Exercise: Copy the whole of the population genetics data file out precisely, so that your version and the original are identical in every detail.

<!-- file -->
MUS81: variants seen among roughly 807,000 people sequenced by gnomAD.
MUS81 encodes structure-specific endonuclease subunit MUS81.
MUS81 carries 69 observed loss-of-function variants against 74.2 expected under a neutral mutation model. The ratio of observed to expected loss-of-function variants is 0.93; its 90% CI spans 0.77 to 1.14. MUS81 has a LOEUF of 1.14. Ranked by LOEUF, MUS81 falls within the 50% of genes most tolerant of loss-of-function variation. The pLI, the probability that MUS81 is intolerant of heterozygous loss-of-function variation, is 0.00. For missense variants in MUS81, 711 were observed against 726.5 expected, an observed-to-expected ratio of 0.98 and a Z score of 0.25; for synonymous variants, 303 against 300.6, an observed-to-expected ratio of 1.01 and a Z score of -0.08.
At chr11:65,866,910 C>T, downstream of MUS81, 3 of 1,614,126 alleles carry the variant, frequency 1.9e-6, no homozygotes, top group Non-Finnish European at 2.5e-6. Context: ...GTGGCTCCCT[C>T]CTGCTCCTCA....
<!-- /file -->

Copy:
MUS81: variants seen among roughly 807,000 people sequenced by gnomAD.
MUS81 encodes structure-specific endonuclease subunit MUS81.
MUS81 carries 69 observed loss-of-function variants against 74.2 expected under a neutral mutation model. The ratio of observed to expected loss-of-function variants is 0.93; its 90% CI spans 0.77 to 1.14. MUS81 has a LOEUF of 1.14. Ranked by LOEUF, MUS81 falls within the 50% of genes most tolerant of loss-of-function variation. The pLI, the probability that MUS81 is intolerant of heterozygous loss-of-function variation, is 0.00. For missense variants in MUS81, 711 were observed against 726.5 expected, an observed-to-expected ratio of 0.98 and a Z score of 0.25; for synonymous variants, 303 against 300.6, an observed-to-expected ratio of 1.01 and a Z score of -0.08.
At chr11:65,866,910 C>T, downstream of MUS81, 3 of 1,614,126 alleles carry the variant, frequency 1.9e-6, no homozygotes, top group Non-Finnish European at 2.5e-6. Context: ...GTGGCTCCCT[C>T]CTGCTCCTCA....